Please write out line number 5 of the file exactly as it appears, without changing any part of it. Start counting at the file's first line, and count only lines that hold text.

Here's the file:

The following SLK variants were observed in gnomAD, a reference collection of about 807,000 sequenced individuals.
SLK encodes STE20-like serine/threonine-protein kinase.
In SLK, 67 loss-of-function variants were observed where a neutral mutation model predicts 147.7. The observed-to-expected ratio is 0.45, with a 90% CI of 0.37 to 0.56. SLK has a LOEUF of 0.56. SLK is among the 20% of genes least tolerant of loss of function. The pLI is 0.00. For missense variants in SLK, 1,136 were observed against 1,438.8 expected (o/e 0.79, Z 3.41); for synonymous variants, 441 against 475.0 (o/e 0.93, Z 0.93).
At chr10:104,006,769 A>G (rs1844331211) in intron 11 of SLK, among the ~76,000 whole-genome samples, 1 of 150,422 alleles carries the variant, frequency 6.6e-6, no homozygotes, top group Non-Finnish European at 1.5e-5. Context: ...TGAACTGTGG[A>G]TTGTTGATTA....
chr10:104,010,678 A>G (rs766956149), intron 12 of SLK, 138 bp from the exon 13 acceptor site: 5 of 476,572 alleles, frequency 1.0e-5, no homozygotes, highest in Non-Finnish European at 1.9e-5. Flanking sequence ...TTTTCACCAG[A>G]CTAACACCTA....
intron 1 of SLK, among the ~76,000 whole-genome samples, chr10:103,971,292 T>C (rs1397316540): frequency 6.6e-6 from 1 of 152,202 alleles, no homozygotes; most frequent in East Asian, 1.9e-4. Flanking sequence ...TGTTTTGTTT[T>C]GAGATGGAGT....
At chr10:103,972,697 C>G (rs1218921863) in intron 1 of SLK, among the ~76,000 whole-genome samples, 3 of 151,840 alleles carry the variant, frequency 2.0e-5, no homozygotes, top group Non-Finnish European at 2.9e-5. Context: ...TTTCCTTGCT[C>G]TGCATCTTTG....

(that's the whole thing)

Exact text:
chr10:104,010,678 A>G (rs766956149), intron 12 of SLK, 138 bp from the exon 13 acceptor site: 5 of 476,572 alleles, frequency 1.0e-5, no homozygotes, highest in Non-Finnish European at 1.9e-5. Flanking sequence ...TTTTCACCAG[A>G]CTAACACCTA....